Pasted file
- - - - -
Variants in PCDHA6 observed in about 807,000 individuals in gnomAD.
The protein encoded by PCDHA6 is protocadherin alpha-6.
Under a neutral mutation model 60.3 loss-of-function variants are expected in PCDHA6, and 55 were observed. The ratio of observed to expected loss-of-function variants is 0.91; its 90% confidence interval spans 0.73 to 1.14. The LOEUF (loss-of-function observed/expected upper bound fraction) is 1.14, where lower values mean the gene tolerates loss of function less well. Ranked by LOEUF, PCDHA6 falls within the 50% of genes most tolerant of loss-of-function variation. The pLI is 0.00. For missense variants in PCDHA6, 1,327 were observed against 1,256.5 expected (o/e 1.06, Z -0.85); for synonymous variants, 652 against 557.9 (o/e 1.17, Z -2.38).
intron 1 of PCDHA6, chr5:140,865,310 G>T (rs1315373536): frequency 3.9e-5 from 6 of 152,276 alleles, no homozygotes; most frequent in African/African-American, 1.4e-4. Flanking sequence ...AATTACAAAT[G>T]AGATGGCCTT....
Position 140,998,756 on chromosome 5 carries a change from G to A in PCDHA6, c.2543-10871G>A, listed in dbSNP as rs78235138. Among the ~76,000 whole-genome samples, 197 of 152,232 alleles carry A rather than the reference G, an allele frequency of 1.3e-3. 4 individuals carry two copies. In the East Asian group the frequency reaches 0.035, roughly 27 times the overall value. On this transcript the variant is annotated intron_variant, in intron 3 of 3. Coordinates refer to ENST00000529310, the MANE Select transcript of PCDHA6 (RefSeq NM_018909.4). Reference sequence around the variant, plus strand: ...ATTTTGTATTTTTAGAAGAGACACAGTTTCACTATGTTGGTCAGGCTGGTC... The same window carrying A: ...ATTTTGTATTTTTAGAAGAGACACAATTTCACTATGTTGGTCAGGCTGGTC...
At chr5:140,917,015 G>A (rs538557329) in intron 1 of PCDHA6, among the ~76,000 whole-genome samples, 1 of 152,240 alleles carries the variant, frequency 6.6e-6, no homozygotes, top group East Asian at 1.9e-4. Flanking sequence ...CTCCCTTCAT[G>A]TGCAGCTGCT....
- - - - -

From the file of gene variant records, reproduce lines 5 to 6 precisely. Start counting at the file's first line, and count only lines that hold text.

Position 140,998,756 on chromosome 5 carries a change from G to A in PCDHA6, c.2543-10871G>A, listed in dbSNP as rs78235138. Among the ~76,000 whole-genome samples, 197 of 152,232 alleles carry A rather than the reference G, an allele frequency of 1.3e-3. 4 individuals carry two copies. In the East Asian group the frequency reaches 0.035, roughly 27 times the overall value. On this transcript the variant is annotated intron_variant, in intron 3 of 3. Coordinates refer to ENST00000529310, the MANE Select transcript of PCDHA6 (RefSeq NM_018909.4). Reference sequence around the variant, plus strand: ...ATTTTGTATTTTTAGAAGAGACACAGTTTCACTATGTTGGTCAGGCTGGTC... The same window carrying A: ...ATTTTGTATTTTTAGAAGAGACACAATTTCACTATGTTGGTCAGGCTGGTC...
At chr5:140,917,015 G>A (rs538557329) in intron 1 of PCDHA6, among the ~76,000 whole-genome samples, 1 of 152,240 alleles carries the variant, frequency 6.6e-6, no homozygotes, top group East Asian at 1.9e-4. Flanking sequence ...CTCCCTTCAT[G>A]TGCAGCTGCT....